Tag: procedural-generation

Shader that renders Border Outlines

Merry Almost-Christmas! I normally do a blog post every month on the 25th, but I wanted to do this one a few days before then because of the holidays.

Last month I had described my plan to render border lines on the ground (think territory in a strategy game, or movement ranges for tactics games). Here’s an image showing the result of my experimentation:

8 inner-fade

Hey, looks pretty good if I do say so myself! That’s a smoothly glowing outline drawn on the ground, surrounding a discrete region of a square grid, with the outline nicely rounded at the corners.

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Border Lines on a Strategy Map

Happy Thanksgiving!

A couple months ago I was noodling on techniques for displaying the map in a strategy or tactics game. Well, lately I’ve been thinking a lot about one specific aspect of how those maps work: representing borders on the map.

I’m talking about the colored lines on the ground in this screenshot:

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Visual tricks for a strategy game’s map

At work this past month I’ve been implementing some interesting visual tricks on a mesh-based map. While we aren’t making a game, I could totally imagine these techniques being useful for a strategy game, or maybe a tactical RPG. Let’s say you have a hex map. Well, you could easily do hexagons with a 3D mesh, and then boom you can can use all sorts of visual tricks developed for 3D games.

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Terrain from a Convex Hull and Triplanar Mapping

As I pointed out last month, I’m putting my personal projects on a hiatus for a while. Instead, I’m going to talk a bit about interesting game dev and graphics stuff that’s come up at work. Naturally I can’t blab too many details about our internal projects at PEAK6, but I do want to point out some of the publicly available technologies and/or resources.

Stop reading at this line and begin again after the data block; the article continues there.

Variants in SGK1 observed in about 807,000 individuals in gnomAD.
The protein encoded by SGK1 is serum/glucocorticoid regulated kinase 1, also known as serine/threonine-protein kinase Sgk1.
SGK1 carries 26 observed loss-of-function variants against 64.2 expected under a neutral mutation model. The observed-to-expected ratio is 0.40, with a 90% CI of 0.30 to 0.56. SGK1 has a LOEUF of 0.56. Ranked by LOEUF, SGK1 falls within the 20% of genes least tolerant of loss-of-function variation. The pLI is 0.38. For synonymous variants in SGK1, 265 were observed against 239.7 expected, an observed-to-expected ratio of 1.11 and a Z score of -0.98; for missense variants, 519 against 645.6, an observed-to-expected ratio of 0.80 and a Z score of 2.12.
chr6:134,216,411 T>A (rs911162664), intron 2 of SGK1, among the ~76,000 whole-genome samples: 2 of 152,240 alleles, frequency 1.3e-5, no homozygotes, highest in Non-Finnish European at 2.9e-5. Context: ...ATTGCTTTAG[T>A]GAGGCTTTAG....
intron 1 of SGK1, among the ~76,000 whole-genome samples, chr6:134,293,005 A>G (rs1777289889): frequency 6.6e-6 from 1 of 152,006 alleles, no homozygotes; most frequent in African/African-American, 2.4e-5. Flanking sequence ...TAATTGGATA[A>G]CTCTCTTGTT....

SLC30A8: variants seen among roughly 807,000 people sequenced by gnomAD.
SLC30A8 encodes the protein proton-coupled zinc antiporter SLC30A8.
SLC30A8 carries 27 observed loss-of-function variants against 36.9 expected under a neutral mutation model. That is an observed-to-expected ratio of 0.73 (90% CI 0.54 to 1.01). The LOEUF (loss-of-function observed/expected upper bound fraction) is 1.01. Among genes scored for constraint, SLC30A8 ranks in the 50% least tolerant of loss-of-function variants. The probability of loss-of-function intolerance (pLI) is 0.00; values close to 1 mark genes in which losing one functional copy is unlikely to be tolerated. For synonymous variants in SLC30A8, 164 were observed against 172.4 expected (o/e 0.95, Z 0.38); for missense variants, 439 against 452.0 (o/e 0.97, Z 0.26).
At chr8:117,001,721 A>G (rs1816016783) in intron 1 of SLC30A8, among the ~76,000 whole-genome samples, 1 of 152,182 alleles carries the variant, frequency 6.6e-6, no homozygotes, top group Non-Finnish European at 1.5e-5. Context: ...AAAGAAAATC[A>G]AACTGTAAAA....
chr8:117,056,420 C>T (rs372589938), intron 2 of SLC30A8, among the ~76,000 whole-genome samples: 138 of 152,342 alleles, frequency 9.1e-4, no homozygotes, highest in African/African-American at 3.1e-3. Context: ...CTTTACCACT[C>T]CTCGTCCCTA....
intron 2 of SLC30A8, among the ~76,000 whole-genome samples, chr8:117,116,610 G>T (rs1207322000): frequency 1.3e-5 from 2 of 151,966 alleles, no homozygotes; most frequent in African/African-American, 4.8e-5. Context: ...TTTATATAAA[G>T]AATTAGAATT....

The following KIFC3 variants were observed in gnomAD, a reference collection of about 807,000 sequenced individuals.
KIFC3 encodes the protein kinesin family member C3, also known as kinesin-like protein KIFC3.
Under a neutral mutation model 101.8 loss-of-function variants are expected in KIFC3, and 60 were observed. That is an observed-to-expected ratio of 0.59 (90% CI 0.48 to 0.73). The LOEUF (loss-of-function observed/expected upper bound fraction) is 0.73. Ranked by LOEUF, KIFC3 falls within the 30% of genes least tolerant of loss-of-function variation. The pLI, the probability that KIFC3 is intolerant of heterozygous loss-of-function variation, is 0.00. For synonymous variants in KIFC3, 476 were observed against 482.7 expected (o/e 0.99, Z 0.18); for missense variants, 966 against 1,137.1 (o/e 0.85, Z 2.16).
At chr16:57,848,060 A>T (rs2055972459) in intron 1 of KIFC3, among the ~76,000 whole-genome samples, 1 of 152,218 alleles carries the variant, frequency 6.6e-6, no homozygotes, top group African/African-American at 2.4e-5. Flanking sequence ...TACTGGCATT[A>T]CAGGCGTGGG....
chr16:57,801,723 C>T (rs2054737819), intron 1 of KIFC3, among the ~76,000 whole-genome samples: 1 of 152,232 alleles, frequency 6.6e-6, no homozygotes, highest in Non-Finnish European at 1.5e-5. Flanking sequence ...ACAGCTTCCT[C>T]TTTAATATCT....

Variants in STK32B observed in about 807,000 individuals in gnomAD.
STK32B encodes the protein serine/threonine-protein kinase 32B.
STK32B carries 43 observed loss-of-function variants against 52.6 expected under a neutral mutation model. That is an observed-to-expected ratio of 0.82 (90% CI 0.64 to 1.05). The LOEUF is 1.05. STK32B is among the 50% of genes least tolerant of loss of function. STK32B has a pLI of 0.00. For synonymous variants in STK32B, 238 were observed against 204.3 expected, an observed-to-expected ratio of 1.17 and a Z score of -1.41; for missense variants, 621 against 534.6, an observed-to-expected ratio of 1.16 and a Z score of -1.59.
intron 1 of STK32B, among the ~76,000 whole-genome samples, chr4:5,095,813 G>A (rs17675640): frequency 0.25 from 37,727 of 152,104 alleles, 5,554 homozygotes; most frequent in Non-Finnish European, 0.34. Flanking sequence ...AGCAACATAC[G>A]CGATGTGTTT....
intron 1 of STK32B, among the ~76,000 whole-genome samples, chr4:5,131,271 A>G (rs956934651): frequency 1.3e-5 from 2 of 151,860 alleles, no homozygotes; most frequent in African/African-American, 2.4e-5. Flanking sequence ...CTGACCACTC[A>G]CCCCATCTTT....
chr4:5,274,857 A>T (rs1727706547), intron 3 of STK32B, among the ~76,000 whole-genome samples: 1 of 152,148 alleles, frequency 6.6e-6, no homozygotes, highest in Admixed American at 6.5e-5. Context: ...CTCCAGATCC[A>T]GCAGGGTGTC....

The project I’m currently working on has involved a witch’s brew of proc gen techniques. I want to focus on two in particular: convex hulls, and triplanar mapping.

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Some useful scripts

Happy just-after-Thanksgiving! I’ve been adding to my game’s graphics and putting in some useful touches to release the first playable prototype soon. In particular, I’m going to talk in this post about camera shake, and then tips for improved “randomness”.

But first, here’s a quick peek at some additional enemy sprites:

fprpg-paxton.png(monsters by Paxton Paddington)

This was just a mockup of combat in the first-person dungeons. In particular, I did that mockup to test camera shake when enemies attack you:

fprpg-camera-shake

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The dungeon has graphics!

Alright, last month I had the beginnings of the procedurally generated maze, and this month I’ve done a whole bunch more! So much in fact that I’m going to limit myself to 3 key things in this update: the maze mesh, recolored enemy sprites, and productivity process.

First, the maze mesh. Long story short, the game generates that now! I worked out how to create a mesh in code and then wrote code to move around inside it; here’s a quick video I captured of moving around the maze:

Looks pretty cool, just like I’m going for! Here are a couple screenshots from the editor showing different generated mazes:
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